The second problem is the consequence of an anthropocentric view of the liturgy. The liturgy was traditionally understood as the permanent priestly activity of holy Church: she conducts the highest matters of salvation before God’s throne and at the same time, it is her intimate communication with her divine Bridegroom. The greatest honor for the faithful is to join this divine work (opus Dei) as a member of the Mystical Body, and while the believer strives to live his life hidden in Christ and the Church, while he thus “loses” his life, he in fact finds it, The liturgy is not something we create but an objective reality we share in, a precious patrimony we inherit. What happens in the Mass is relatively true for all parts of the liturgy: it is not we but God Who is doing His work in it, and we ourselves become divine when we receive Holy Communion. So the reality we celebrate becomes our own. With respect to the prayers and chants, this truth is expressed by St. Benedict’s classic saying: “mens concordet voci‘: the mind should be concordant with the voice. It is not the soul who speaks in the voice, but it is the Church and the Holy Spirit. The harmony between soul and voice comes not from expressing the soul by the voice but from adapting the soul to the sounds that the Church and the Holy Spirit put upon our lips.
The Liturgical Constitution of the Council says nothing contradictory to this traditional view. And yet, according to the post-conciliar approach it was precisely the modern man, man hic et nunc, who became the focus of interest and the norm of the liturgy. Consequently the liturgy and its chant are supposed to express the religious experience of the individuals and communities. The result is: “vox concordat menti” i.e. the voice is concordant to the state of the mind. The regrettable outcome of this approach is that the liturgy is unable to elevate and raise up heavenwards the individual and communities: they express themselves and so they remain where they are.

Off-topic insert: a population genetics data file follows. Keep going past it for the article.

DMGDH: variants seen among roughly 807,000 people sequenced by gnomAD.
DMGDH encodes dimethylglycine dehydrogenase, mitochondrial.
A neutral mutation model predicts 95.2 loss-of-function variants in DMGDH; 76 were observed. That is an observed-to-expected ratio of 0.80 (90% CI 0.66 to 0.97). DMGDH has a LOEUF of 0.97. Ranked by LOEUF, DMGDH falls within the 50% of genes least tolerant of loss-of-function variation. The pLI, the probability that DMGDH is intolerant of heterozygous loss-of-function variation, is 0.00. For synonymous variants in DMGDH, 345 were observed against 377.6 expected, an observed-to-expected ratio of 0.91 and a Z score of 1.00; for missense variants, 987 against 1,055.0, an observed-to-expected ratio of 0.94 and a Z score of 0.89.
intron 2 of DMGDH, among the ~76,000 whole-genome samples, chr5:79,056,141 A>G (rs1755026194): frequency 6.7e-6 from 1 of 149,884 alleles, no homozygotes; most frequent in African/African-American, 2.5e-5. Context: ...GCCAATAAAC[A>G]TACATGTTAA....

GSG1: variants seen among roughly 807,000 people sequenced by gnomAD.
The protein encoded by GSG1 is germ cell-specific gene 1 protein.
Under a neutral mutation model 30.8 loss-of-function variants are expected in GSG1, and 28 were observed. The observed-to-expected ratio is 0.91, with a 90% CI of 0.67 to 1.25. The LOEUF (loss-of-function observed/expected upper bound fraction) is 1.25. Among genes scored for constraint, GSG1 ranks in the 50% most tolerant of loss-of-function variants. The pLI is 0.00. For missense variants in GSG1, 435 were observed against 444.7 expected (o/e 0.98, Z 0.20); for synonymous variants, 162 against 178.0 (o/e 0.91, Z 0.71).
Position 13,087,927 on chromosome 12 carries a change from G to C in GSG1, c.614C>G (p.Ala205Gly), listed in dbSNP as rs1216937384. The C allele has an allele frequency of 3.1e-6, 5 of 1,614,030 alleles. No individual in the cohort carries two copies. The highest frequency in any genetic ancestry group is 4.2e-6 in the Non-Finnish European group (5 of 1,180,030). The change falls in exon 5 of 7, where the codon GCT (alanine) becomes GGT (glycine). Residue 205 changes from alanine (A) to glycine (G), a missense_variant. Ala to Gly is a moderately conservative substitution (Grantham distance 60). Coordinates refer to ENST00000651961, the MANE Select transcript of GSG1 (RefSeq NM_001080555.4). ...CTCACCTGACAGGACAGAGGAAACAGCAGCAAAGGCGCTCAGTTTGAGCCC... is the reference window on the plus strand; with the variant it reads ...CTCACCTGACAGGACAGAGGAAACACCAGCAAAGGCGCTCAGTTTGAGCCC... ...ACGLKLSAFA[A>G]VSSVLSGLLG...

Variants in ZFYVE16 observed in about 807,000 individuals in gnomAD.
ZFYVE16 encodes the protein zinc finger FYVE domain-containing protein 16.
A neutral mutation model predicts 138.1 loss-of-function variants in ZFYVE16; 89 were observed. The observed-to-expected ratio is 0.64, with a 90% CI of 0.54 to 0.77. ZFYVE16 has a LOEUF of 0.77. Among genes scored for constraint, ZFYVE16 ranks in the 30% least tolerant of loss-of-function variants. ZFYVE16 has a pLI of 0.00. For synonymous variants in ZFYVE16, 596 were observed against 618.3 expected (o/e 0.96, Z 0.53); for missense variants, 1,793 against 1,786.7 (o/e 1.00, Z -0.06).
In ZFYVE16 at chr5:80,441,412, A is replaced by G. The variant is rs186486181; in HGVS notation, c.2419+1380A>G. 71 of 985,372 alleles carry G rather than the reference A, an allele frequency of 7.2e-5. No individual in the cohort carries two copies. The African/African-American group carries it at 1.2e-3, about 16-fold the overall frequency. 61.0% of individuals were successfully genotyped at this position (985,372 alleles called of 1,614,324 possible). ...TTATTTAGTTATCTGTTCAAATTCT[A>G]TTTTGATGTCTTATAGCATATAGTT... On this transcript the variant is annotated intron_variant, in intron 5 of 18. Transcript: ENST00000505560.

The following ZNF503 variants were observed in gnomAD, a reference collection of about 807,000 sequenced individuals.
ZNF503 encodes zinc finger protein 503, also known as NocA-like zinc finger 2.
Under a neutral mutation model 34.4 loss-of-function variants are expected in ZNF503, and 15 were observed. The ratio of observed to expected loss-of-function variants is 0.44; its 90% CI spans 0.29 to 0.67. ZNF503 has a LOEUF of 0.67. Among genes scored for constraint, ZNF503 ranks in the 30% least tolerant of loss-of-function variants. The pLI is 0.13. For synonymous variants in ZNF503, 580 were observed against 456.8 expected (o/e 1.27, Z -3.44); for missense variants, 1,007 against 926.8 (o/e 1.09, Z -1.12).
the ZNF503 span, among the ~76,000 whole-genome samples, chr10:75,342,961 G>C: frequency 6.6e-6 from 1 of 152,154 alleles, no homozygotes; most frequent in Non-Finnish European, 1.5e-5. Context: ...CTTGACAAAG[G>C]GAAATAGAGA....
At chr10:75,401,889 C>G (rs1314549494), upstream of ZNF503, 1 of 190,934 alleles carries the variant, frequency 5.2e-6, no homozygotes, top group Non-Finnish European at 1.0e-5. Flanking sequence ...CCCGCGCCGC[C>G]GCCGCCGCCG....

This liturgical approach also influenced the church music. A great part of the clergy can accept music only as the chant of the assembly. The demand of actuosa participatio is taken in a sense that excludes the possibility of silent and attentive listening to the chant of singers or choir. Consequently, in many places the choirs have disbanded and the musicians have fled their posts. To anyone who reads the Constitution it is clear that this fate was not intended by the Council. Par. 28 says that “each person should perform his role by doing solely and totally what the nature of things and liturgical norms require of him.” Even in the new Missal of Paul VI we find the names of items belonging to the schola. Things are even clearer if we examine the natura rei, the nature of things: the liturgy is a dramatic event and the assembly participates “actively” in the ritual by performing the parts proper to them. The Council judged it opportune to stress the actuosa participatio because the role of the assembly had been taken over by others during the course of centuries. But this does not mean that now the assembly has to take over the role of others!
Laszlo Dobszay, The Bugnini-Liturgy and the Reform of the Reform (2003)